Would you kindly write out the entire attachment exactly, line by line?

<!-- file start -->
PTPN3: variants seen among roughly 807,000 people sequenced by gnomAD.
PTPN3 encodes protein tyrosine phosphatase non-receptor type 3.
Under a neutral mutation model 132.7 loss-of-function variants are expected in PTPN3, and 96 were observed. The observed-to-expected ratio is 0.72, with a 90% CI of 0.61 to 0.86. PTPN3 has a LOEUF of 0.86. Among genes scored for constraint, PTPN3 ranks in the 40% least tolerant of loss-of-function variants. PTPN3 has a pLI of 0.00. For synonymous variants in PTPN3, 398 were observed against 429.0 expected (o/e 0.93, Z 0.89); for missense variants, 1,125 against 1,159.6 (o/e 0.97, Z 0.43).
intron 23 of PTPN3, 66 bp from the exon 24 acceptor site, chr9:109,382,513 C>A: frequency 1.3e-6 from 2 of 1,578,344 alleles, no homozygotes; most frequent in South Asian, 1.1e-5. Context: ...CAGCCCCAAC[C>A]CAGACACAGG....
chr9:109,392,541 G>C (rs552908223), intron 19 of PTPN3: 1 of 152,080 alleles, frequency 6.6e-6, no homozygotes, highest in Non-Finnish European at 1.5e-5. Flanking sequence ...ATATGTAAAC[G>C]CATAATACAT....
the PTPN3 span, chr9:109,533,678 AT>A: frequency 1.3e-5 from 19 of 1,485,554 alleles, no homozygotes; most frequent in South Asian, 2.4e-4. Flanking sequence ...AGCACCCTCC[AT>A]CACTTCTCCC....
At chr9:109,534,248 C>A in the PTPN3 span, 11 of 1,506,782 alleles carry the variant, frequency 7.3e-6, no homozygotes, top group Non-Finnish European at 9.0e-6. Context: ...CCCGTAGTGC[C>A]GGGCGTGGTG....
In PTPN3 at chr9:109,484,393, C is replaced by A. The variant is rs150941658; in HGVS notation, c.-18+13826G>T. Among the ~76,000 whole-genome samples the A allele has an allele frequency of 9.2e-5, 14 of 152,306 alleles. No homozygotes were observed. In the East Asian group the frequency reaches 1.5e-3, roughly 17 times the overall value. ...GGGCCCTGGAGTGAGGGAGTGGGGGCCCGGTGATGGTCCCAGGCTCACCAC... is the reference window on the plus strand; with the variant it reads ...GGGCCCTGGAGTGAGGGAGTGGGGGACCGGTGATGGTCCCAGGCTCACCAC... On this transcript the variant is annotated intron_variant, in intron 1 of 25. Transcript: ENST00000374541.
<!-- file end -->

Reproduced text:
PTPN3: variants seen among roughly 807,000 people sequenced by gnomAD.
PTPN3 encodes protein tyrosine phosphatase non-receptor type 3.
Under a neutral mutation model 132.7 loss-of-function variants are expected in PTPN3, and 96 were observed. The observed-to-expected ratio is 0.72, with a 90% CI of 0.61 to 0.86. PTPN3 has a LOEUF of 0.86. Among genes scored for constraint, PTPN3 ranks in the 40% least tolerant of loss-of-function variants. PTPN3 has a pLI of 0.00. For synonymous variants in PTPN3, 398 were observed against 429.0 expected (o/e 0.93, Z 0.89); for missense variants, 1,125 against 1,159.6 (o/e 0.97, Z 0.43).
intron 23 of PTPN3, 66 bp from the exon 24 acceptor site, chr9:109,382,513 C>A: frequency 1.3e-6 from 2 of 1,578,344 alleles, no homozygotes; most frequent in South Asian, 1.1e-5. Context: ...CAGCCCCAAC[C>A]CAGACACAGG....
chr9:109,392,541 G>C (rs552908223), intron 19 of PTPN3: 1 of 152,080 alleles, frequency 6.6e-6, no homozygotes, highest in Non-Finnish European at 1.5e-5. Flanking sequence ...ATATGTAAAC[G>C]CATAATACAT....
the PTPN3 span, chr9:109,533,678 AT>A: frequency 1.3e-5 from 19 of 1,485,554 alleles, no homozygotes; most frequent in South Asian, 2.4e-4. Flanking sequence ...AGCACCCTCC[AT>A]CACTTCTCCC....
At chr9:109,534,248 C>A in the PTPN3 span, 11 of 1,506,782 alleles carry the variant, frequency 7.3e-6, no homozygotes, top group Non-Finnish European at 9.0e-6. Context: ...CCCGTAGTGC[C>A]GGGCGTGGTG....
In PTPN3 at chr9:109,484,393, C is replaced by A. The variant is rs150941658; in HGVS notation, c.-18+13826G>T. Among the ~76,000 whole-genome samples the A allele has an allele frequency of 9.2e-5, 14 of 152,306 alleles. No homozygotes were observed. In the East Asian group the frequency reaches 1.5e-3, roughly 17 times the overall value. ...GGGCCCTGGAGTGAGGGAGTGGGGGCCCGGTGATGGTCCCAGGCTCACCAC... is the reference window on the plus strand; with the variant it reads ...GGGCCCTGGAGTGAGGGAGTGGGGGACCGGTGATGGTCCCAGGCTCACCAC... On this transcript the variant is annotated intron_variant, in intron 1 of 25. Transcript: ENST00000374541.